Pope mistakenly quotes Putin instead of Merkel on Afghanistan
02 September 2021 | 11:54 am
Pope Francis cited Angela Merkel's greatness before echoing her feelings about the situation in Afghanistan. However, it was Vladimir Putin, not the German chancellor, that the pope was parroting.
It never happened during the entire Cold War. But all these years later, Russia's border with NATO is about to double in size. Finland remains unmoved by threats out of the Kremlin over its bid to join the US-led alliance. The same goes for neighbouring Sweden, which is so concerned by Vladimir Putin's invasion of Ukraine that it is ready to call time on two centuries of neutrality.
Russia's president has said banning oil imports from his country would be impossible for some dependent European states, after the EU failed to reach consensus to impose the measure.
The Taliban has made face veils mandatory for all Afghan women appearing in public, including those on television. This edict was ignored by presenters on Saturday, but they relented a day later.
Since the Taliban returned to power in Afghanistan last year, international aid for the country has dried up. The pandemic and the ongoing food crisis have complicated an already dire economic situation. Unicef says that as more families are pushed deeper into poverty, they are forced to make desperate choices, such as putting children to work and marrying girls off at a young age. Our France 2 colleagues report.
"We cannot allow Putin to win this war," the German leader said on the final day of the World Economic Forum. Russia's invasion of Ukraine has dominated talks in Davos, Switzerland.
A picture on social media is being shared as alleged proof that Russian President Vladimir Putin has stepped up his security and wears a bulletproof vest. Also, some users, including politicians, are claiming that Russian soldiers burned Ukrainian history books. We tell you more in this edition of Truth or Fake.
The Russian invasion of Ukraine has been denounced by world leaders and prompted diplomatic and financial sanctions. But what do ordinary Russians think? President Vladimir Putin never misses an opportunity to refer to patriotism and national unity in a bid to justify his acts of aggression. A large majority of Russians adhere to this patriotism, some by joining Unarmia, a movement created by the Russian ministry of defence. Yet others have serious doubts about whether the invasion of Ukraine is in the best interests of the country they love.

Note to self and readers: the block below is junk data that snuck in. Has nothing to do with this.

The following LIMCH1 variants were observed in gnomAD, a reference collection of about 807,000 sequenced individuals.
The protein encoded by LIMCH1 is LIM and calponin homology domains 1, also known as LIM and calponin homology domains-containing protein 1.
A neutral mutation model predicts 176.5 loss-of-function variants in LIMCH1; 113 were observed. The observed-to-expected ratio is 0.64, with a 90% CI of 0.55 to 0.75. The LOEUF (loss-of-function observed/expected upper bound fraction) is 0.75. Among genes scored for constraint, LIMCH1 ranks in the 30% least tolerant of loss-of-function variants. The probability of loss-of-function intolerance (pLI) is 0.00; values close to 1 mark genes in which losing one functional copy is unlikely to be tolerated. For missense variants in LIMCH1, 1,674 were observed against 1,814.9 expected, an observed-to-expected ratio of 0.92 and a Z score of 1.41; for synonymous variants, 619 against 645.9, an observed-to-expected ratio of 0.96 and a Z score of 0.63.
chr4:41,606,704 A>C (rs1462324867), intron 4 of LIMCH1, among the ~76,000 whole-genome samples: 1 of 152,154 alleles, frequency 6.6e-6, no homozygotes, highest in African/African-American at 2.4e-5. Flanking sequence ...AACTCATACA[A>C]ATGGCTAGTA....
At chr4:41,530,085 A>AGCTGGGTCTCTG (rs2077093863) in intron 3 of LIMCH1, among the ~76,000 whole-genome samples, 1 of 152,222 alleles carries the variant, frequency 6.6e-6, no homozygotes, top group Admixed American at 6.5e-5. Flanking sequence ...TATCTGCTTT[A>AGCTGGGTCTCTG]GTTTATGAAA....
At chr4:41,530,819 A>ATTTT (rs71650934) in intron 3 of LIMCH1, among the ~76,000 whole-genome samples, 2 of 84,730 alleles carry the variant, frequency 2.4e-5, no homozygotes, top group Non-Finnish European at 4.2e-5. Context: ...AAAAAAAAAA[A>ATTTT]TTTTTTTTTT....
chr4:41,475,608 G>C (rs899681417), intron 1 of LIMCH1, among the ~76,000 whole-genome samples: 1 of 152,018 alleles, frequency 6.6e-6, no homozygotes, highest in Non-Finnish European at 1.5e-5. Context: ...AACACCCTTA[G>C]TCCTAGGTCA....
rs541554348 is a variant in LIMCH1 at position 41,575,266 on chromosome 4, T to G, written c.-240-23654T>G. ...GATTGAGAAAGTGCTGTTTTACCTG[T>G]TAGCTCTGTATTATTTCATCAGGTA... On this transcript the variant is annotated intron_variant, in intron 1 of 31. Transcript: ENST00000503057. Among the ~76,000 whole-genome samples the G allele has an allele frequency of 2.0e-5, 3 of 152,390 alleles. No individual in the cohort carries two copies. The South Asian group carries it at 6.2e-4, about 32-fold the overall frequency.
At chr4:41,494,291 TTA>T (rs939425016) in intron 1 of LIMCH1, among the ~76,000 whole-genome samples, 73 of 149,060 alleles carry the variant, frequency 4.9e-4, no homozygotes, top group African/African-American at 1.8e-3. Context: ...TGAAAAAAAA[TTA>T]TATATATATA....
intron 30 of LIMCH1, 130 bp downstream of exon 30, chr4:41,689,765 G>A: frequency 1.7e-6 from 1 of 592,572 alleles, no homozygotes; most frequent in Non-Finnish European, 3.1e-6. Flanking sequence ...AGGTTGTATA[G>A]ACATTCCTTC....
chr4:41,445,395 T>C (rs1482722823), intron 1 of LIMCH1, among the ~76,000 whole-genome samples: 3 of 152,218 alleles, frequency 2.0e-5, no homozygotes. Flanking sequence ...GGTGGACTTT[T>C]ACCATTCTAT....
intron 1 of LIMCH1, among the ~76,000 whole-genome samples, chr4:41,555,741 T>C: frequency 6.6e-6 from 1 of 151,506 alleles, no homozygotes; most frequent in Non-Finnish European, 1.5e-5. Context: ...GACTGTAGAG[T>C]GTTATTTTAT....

Afghanistan is heading back to the pre-2001 dark days of the Taliban, and Western powers were naive if they ever thought this wouldn't be the case. That's the view of Heather Barr, associate women's rights director at Human Rights Watch. As women are told to cover their faces in public again and female television presenters are told to do the same, she spoke to us on Perspective about the how the Taliban are rolling back women's rights and what, if anything, the West can do about it. "Life has become a prison for most women and girls," she told us.
Russian President Vladimir Putin visited wounded soldiers from the war in Ukraine for the first time on May 25. Following this visit to a Moscow hospital, users claimed that Putin used secret service bodyguards as extras to pose as "'injured soldiers" as he's extremely paranoid about his safety. Is there any truth to these claims? We tell you more in this edition of Truth or Fake.
A decree signed by Russian President Vladimir Putin stipulates that Western countries must start paying for gas through a Russian bank that will transfer foreign currency into rubles.
Macky Sall has told the Russian leader the ban on grain and fertilizer is causing a food crisis on the African continent. Russia says the blame lies elsewhere.
We take a look at how the papers are treating Vladimir Putin's threat of more air strikes across Ukraine. We also find out how the papers are covering former French PM Manuel Valls's latest political defeat and his adieu to Twitter. The Spanish press is widely congratulating Rafael Nadal on his 14th French Open win, but Mediapart tells us of the tournament’s dark side. Finally, after the Platinum Jubilee celebrations, British PM Boris Johnson is fighting for his political life.
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